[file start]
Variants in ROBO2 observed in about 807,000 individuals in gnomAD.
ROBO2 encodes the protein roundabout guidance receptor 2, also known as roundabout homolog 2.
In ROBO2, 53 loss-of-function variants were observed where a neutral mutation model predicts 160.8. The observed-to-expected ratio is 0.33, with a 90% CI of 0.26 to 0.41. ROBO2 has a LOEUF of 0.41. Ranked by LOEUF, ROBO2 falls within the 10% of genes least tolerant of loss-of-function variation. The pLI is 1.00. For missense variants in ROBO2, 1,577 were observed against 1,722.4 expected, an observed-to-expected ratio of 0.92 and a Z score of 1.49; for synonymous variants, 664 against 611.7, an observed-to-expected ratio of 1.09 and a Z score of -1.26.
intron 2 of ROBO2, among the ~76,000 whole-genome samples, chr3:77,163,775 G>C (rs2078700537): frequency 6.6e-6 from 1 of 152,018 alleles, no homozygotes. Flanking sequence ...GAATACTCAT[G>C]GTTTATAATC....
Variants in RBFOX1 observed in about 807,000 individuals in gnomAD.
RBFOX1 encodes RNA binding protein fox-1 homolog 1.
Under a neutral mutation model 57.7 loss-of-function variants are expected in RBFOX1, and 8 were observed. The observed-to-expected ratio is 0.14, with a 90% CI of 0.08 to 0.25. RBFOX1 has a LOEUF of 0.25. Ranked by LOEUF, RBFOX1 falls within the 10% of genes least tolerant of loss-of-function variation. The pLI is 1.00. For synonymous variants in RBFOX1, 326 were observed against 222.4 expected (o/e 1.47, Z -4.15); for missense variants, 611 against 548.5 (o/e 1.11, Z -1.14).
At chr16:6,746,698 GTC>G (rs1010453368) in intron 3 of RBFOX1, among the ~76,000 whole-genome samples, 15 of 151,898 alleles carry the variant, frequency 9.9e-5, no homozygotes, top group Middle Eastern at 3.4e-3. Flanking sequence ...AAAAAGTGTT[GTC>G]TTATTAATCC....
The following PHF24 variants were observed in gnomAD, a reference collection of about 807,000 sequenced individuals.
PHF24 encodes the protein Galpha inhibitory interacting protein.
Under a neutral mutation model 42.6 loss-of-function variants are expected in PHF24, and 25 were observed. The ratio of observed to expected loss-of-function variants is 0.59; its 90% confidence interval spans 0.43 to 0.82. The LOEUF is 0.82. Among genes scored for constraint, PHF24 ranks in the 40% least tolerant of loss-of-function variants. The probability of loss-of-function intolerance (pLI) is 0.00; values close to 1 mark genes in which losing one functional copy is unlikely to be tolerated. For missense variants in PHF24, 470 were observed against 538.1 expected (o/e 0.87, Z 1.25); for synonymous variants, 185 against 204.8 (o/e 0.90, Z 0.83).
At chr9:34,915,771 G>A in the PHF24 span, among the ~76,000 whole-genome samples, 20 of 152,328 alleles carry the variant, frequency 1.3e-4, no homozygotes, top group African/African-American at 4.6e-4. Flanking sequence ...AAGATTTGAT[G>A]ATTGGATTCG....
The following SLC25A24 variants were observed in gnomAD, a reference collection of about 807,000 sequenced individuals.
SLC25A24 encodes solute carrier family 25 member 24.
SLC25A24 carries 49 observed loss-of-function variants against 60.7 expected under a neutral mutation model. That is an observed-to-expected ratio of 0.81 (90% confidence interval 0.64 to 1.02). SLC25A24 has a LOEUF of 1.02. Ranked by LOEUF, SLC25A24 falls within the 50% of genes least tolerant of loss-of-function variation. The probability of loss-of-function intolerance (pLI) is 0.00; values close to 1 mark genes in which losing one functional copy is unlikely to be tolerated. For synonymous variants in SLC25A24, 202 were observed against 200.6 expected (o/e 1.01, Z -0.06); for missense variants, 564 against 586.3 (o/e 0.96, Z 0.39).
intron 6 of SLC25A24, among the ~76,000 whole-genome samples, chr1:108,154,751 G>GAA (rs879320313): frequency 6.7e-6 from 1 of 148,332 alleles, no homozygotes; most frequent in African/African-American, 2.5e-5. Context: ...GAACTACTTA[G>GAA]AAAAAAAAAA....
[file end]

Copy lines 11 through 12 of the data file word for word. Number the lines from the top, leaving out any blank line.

Under a neutral mutation model 42.6 loss-of-function variants are expected in PHF24, and 25 were observed. The ratio of observed to expected loss-of-function variants is 0.59; its 90% confidence interval spans 0.43 to 0.82. The LOEUF is 0.82. Among genes scored for constraint, PHF24 ranks in the 40% least tolerant of loss-of-function variants. The probability of loss-of-function intolerance (pLI) is 0.00; values close to 1 mark genes in which losing one functional copy is unlikely to be tolerated. For missense variants in PHF24, 470 were observed against 538.1 expected (o/e 0.87, Z 1.25); for synonymous variants, 185 against 204.8 (o/e 0.90, Z 0.83).
At chr9:34,915,771 G>A in the PHF24 span, among the ~76,000 whole-genome samples, 20 of 152,328 alleles carry the variant, frequency 1.3e-4, no homozygotes, top group African/African-American at 4.6e-4. Flanking sequence ...AAGATTTGAT[G>A]ATTGGATTCG....